1. In his evidence, the Grievor stated that he suffers from a lower lumbar related workplace injury caused by excessive twisting and turning. And from a sports-related knee injury. He had been prescribed medicinal marijuana for three years. His prescription was for 5 grams per day and had a duration of twelve months. But, in cross-examination, the Grievor acknowledged that he was unaware of the strain or strength of the marijuana that he purchased and was using in July 2016.

The Tribunal took testimony from two medical experts. ATS called doctor Mathew Burnstein, and he described the impairment effect of marijuana as initially acute causing a temporary reduction in concentration, motor skills, situational awareness and learning. Dr. Burnstein placed greater value in Health Canada recommendations that the ability to drive or perform activities requiring alertness may be impaired for up to twenty-four hours.

On the other hand, Dr. Caroline MacCallum, a licenced physician in British Columbia called by the Union, was of the opinion that four to six hours was the likely window of impairment. Dr. MacCallum disagreed with Dr. Bornstein’s conclusion that the Grievor could have been impaired from marijuana use on July 7, 2016, when the accident occurred.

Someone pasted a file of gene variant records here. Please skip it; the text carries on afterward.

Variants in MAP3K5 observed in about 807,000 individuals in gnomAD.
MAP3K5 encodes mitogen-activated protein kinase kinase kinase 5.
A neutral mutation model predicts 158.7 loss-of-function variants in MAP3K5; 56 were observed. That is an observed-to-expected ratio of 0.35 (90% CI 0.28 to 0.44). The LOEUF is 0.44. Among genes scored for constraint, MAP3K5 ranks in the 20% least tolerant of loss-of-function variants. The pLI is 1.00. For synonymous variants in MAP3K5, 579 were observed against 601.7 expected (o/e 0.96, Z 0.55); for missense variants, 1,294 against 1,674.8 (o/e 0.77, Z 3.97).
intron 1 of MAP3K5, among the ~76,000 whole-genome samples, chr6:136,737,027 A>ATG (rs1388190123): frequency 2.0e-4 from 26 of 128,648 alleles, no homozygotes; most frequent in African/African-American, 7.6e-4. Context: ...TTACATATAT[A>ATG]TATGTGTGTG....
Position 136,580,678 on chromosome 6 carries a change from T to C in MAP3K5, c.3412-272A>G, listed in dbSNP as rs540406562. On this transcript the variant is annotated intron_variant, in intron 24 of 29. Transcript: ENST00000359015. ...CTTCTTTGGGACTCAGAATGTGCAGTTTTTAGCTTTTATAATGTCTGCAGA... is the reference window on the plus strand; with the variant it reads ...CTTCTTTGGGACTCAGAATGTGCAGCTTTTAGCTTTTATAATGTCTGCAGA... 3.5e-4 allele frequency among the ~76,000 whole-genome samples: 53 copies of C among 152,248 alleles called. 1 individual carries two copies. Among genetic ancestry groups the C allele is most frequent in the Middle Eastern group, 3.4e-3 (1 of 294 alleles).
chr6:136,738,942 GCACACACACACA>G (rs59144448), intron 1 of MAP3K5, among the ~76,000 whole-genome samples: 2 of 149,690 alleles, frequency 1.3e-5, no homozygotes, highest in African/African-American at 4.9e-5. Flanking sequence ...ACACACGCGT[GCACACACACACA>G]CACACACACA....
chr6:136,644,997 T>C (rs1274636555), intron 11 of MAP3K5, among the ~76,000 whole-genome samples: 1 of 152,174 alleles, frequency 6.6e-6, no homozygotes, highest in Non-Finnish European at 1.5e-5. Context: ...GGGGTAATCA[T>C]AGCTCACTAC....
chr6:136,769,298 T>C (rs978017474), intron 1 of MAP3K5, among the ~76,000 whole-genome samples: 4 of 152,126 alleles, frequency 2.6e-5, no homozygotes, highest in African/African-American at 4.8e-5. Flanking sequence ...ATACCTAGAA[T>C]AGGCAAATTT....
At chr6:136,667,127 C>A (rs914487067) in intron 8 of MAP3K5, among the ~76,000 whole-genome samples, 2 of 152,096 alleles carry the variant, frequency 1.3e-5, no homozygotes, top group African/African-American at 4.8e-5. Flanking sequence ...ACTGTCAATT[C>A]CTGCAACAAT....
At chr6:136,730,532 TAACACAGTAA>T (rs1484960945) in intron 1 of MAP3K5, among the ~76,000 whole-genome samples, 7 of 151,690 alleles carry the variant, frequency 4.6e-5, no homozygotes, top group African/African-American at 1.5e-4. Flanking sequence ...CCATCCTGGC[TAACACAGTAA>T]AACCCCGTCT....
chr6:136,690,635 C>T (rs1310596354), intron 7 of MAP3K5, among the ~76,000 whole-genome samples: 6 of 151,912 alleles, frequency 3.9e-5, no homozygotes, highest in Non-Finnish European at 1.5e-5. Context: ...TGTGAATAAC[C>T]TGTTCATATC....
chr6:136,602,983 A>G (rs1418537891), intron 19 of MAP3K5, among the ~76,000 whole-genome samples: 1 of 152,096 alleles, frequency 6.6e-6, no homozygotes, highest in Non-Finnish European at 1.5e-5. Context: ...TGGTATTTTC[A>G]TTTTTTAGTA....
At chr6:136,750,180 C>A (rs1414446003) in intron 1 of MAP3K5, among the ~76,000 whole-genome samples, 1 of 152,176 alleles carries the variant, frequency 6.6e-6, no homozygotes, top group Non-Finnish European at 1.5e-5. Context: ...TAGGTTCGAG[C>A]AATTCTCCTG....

The Tribunal found that the evidence does not support a finding that the Grievor was impaired at the time of the incident on July 7, 2016.

“The Grievor was not impaired and as such did not violate the ATS Drug and Alcohol Policy by reporting for work or working while impaired.” (p. 57)

2. The ATS Corporate Drug and Alcohol Policy mandates drug and alcohol testing after an accident or incident regardless of its significance, which is overly broad and unreasonable. The evidence demonstrates that ATS determined that a post-incident drug and alcohol test was required without a review of any of the surrounding circumstances and there was no concern for or balancing of the Grievor’s privacy interests, breaching the proper application on the ATS Drug and Alcohol Policy. However, the Grievor in his testimony admitted to possessing marijuana in the workplace before the incident, which did not result in disciplinary action, breaching the ATS Drug and Alcohol Policy again. Therefore,